Ideally, the palette could contain up to 256 levels of alpha (where each color could be assigned an alpha value). Obviously if all 256 levels were present in the palette, a very limited set of color choices would exist since each alpha is paird with a color in the palette.
Your suggestion would work in the specific case of 16 colors with 8 alpha values. However, I don’t think that’s a typical use case. For example, a very simple use case could be anti-aliased lines. A sprite with 15 colors could have a solid black outline. Color 16 could also be made black but have alpha = 0.5. Then it could be added to the outline to make it appear anti-aliased to better blend with the background. In that example, the artist having control over what the alpha value is for each palette entry is critical. Another case could be where 8 different sprites are each 16-colors but share the same 256 color palette. Using the method you described above would require a different palette per sprite or a different layer (which would be another palette).
While it would be possible to also create an alpha gradient using this suggestion, that’s not the primary use case.
Another use case example would be to create a glowing particle with bloom. Instead of implementing the bloom itself as a post-processing filter, it could be faked by blending a “glow” with decreasing alpha. The artist may choose to have the alpha decrease exponentially or logarithmically instead of linearly. In this case a gradient wouldn’t work. Depending on how complexity of the glowing object, it may be possible to include the center colors and the bloom fade in just 16 palette entries.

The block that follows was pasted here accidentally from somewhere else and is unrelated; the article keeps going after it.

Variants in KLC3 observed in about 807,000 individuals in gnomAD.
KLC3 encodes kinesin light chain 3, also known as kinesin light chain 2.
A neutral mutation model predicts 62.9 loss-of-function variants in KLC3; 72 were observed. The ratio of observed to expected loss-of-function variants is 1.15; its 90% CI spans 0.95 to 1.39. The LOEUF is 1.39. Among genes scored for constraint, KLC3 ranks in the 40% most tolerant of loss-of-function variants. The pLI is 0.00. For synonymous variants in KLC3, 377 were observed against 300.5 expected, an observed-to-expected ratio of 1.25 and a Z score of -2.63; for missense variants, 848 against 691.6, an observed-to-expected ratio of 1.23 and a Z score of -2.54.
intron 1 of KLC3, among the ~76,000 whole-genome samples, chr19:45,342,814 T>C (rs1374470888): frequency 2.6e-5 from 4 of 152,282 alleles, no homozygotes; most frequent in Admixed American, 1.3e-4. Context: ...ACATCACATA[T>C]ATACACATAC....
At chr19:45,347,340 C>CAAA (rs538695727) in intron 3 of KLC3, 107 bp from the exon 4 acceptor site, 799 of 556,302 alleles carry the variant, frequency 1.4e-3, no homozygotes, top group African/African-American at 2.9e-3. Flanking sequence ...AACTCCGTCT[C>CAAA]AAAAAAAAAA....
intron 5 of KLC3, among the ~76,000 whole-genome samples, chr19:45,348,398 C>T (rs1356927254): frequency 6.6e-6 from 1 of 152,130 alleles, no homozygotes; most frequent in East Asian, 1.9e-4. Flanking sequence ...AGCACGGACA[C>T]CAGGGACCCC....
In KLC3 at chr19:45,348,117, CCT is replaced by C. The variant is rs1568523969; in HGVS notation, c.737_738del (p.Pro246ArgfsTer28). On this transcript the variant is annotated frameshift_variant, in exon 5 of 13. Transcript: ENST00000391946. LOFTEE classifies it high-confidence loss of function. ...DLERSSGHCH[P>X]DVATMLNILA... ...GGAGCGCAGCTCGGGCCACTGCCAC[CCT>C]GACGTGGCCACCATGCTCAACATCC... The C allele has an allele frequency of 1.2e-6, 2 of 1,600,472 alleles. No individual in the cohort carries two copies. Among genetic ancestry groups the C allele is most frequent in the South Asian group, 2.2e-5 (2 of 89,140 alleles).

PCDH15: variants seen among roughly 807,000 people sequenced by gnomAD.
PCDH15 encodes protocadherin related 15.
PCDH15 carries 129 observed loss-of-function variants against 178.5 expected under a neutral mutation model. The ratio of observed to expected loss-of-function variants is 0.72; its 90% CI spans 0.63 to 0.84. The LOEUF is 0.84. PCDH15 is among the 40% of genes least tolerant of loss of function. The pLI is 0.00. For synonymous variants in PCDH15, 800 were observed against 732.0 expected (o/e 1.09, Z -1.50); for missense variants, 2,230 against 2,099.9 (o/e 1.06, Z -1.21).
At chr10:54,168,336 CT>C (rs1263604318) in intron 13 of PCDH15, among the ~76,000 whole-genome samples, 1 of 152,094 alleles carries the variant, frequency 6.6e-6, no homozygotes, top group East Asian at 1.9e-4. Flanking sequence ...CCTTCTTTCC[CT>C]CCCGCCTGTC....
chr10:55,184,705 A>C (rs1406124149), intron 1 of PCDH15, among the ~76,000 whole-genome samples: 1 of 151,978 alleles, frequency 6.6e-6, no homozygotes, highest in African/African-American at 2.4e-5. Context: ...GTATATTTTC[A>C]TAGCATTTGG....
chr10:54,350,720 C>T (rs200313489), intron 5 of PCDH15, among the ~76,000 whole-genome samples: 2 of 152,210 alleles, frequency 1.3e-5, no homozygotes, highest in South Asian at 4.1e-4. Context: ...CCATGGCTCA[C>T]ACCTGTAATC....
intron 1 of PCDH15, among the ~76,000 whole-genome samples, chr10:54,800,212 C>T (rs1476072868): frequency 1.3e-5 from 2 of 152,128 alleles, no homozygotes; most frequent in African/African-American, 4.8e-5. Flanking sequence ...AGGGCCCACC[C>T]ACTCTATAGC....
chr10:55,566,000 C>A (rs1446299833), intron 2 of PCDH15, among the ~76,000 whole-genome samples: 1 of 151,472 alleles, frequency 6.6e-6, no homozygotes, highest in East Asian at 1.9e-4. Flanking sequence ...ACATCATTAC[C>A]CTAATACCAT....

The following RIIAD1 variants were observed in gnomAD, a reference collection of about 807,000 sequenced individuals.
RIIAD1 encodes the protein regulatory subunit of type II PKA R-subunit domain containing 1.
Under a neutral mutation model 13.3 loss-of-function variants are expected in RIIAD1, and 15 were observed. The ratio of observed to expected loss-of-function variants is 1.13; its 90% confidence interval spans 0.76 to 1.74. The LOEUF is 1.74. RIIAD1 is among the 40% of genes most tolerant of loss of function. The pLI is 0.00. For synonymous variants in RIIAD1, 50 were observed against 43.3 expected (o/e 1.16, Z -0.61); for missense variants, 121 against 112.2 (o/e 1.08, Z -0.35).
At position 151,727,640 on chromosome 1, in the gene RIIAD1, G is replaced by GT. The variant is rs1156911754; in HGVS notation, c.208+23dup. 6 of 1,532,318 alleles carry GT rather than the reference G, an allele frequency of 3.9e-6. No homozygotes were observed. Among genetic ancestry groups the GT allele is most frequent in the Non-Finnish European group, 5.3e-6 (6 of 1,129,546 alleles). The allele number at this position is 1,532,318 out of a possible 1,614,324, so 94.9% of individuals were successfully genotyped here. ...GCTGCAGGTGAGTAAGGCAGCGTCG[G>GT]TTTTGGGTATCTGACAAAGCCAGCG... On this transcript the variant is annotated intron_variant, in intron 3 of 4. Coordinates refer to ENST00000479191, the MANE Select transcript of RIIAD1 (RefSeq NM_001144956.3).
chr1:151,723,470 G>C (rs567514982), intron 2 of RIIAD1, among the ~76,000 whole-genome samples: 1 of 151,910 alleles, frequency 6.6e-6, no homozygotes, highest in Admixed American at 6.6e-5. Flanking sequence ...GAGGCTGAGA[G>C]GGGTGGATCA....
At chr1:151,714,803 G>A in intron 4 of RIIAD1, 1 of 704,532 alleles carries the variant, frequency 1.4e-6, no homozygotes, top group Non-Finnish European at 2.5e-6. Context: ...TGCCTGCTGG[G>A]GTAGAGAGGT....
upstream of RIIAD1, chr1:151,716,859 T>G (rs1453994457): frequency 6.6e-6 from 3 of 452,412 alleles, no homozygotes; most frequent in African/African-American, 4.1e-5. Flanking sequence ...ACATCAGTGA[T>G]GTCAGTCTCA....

I think that your suggestion would work for a game running in an engine like Unity, but it wouldn’t work on hardware with limited CGRAM. The system has a limited but somewhat large CGRAM cache (around 4096 RGBA8888 colors). Not every layer has access to every color. Having multiple alpha levels of the same palette would greatly reduce the number of colors that could be used by the system. The 8-bit alpha value is treated like just another color channel until it reaches the blending stage. At that point the blending can perform color math by factoring alpha (i.e. what photoshop / gimp can accomplish). In normal blending mode, this does “result = A*layer + (1-A)*buffer”. A shift is done thus A=0xFF is treated as 1.0). A 1-bit alpha can still be accomplished by setting the alpha channel to 0x00 or 0xFF for fully solid or fully transparent. I’m not sure if that answers your question though.